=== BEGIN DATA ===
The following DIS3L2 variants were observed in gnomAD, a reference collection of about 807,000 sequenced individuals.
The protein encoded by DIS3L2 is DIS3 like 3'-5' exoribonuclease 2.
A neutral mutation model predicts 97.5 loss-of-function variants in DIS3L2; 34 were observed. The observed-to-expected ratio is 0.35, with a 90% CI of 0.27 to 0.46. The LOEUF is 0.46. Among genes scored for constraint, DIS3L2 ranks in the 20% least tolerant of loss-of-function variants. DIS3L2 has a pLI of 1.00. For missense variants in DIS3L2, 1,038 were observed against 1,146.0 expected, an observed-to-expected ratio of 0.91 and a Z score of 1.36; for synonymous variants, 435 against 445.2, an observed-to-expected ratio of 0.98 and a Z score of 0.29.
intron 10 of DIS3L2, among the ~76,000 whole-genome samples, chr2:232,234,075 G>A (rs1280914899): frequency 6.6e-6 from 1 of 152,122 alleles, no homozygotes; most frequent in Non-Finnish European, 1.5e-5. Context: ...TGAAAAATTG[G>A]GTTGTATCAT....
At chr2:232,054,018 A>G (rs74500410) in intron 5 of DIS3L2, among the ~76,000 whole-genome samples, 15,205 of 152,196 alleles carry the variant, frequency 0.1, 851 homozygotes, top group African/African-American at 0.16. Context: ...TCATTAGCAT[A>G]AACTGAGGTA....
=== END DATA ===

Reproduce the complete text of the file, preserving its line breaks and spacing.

The following DIS3L2 variants were observed in gnomAD, a reference collection of about 807,000 sequenced individuals.
The protein encoded by DIS3L2 is DIS3 like 3'-5' exoribonuclease 2.
A neutral mutation model predicts 97.5 loss-of-function variants in DIS3L2; 34 were observed. The observed-to-expected ratio is 0.35, with a 90% CI of 0.27 to 0.46. The LOEUF is 0.46. Among genes scored for constraint, DIS3L2 ranks in the 20% least tolerant of loss-of-function variants. DIS3L2 has a pLI of 1.00. For missense variants in DIS3L2, 1,038 were observed against 1,146.0 expected, an observed-to-expected ratio of 0.91 and a Z score of 1.36; for synonymous variants, 435 against 445.2, an observed-to-expected ratio of 0.98 and a Z score of 0.29.
intron 10 of DIS3L2, among the ~76,000 whole-genome samples, chr2:232,234,075 G>A (rs1280914899): frequency 6.6e-6 from 1 of 152,122 alleles, no homozygotes; most frequent in Non-Finnish European, 1.5e-5. Context: ...TGAAAAATTG[G>A]GTTGTATCAT....
At chr2:232,054,018 A>G (rs74500410) in intron 5 of DIS3L2, among the ~76,000 whole-genome samples, 15,205 of 152,196 alleles carry the variant, frequency 0.1, 851 homozygotes, top group African/African-American at 0.16. Context: ...TCATTAGCAT[A>G]AACTGAGGTA....